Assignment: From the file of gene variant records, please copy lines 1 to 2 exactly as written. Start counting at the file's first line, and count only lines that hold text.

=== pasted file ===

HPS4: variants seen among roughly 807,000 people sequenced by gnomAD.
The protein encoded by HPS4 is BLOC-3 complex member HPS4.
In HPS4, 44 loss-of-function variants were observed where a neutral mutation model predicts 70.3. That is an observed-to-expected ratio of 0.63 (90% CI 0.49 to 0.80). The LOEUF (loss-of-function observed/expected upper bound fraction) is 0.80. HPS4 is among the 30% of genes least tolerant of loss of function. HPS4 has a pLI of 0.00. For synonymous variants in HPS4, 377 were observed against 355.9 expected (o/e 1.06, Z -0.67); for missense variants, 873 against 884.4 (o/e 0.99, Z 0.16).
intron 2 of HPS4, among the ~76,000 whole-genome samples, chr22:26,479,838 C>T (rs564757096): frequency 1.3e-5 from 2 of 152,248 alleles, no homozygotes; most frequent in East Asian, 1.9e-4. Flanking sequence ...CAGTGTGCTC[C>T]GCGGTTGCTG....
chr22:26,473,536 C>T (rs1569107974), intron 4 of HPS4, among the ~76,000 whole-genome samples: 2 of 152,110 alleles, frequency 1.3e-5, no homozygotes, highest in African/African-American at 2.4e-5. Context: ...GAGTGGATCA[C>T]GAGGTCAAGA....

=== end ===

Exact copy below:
HPS4: variants seen among roughly 807,000 people sequenced by gnomAD.
The protein encoded by HPS4 is BLOC-3 complex member HPS4.